Fiona Woodcock

Since graduating from Glasgow School of Art Fiona is lucky enough to have always earned her living from drawing. She started her career working in animation, but now specialises in picture books. Fiona’s debut book ‘Hiding Heidi’ with Simon and Schuster and Illustrations for ‘A Dot in the Snow’ written by Corrinne Averiss, published by Oxford University Press, were both nominated for The Kate Greenaway Award.

A perfect project would combine her love of storytelling, pattern, character design and hand drawn typography. Fiona works in her London based studio, drawing with children’s blo pens, rubber stamps, cutting stencils and experimenting with printing techniques. She finds this playful approach and embracing collaboration brings about fresh and fun ways to visualise ideas.

Awards

Nominated for The Kate Greenaway Award 2018 for ‘A Dot in the Snow’, published by Oxford University Press

‘A Dot In The Snow’ was selected as one of ‘The Times Children’s Books of the Year 2016’

‘LOOK’ selected for The Society of Illustrators Original Art Show, New York, 2018.

Nominated for The Kate Greenaway Award 2017 for ‘Hiding Heidi’, published by Simon and Schuster

Longlisted for the Klaus Flugge Prize 2017 with ‘Hiding Heidi’, published by Simon and Schuster

Reviews

“Exceptionally designed and thoroughly charming” Kirkus starred review for LOOK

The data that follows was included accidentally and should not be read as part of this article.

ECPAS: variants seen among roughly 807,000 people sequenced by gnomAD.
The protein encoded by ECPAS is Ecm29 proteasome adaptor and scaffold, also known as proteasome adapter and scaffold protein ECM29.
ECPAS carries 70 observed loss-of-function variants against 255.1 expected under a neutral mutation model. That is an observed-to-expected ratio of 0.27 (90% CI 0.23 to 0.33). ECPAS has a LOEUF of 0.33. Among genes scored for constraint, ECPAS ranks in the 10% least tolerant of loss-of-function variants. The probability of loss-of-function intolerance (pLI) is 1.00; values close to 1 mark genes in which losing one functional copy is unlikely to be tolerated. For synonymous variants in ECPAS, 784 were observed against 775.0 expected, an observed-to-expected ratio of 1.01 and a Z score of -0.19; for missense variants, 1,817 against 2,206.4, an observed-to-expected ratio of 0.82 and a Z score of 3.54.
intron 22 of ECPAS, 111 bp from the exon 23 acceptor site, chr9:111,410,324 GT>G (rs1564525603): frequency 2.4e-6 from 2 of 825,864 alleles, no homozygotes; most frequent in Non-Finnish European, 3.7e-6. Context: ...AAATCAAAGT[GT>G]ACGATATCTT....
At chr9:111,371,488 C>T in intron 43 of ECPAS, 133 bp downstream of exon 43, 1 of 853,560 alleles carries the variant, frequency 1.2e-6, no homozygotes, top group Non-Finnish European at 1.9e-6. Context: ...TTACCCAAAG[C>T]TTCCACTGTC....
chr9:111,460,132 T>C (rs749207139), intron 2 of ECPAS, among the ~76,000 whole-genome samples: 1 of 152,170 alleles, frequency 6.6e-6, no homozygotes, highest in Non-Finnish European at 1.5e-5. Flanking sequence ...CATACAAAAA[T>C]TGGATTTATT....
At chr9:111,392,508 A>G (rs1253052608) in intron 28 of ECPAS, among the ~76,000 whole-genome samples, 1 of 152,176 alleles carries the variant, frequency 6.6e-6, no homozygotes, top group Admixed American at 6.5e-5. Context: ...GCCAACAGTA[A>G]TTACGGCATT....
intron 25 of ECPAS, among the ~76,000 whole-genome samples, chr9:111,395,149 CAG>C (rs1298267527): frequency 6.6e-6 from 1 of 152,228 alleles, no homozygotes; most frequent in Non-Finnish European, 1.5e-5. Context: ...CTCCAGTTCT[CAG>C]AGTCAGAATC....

“Exceedingly clever picture book.” and “A cool book for language loving kids.” Booklist starred review for LOOK

Listed in The Times Children’s Books of the Year 2016 for ‘A Dot in the Snow’, published by Oxford University Press.

“A beautiful and original picture book that at times feels dreamy, at other times zings with youthful energy, and which at all times is perfectly in tune with children and their outlook on the world . . . Woodcock is a very talented and exciting new illustrator and this will enchant children and adults alike.” — Andrea Reece for LoveReading4Kids, July 2016 Debut Picture Book of the Month for ‘Hiding Heidi’

“Playful imagery and Heidi’s eventual recognition of her friends’ talents add up to a warm story about compromise and common ground” — Publishers Weekly for ‘Hiding Heidi’

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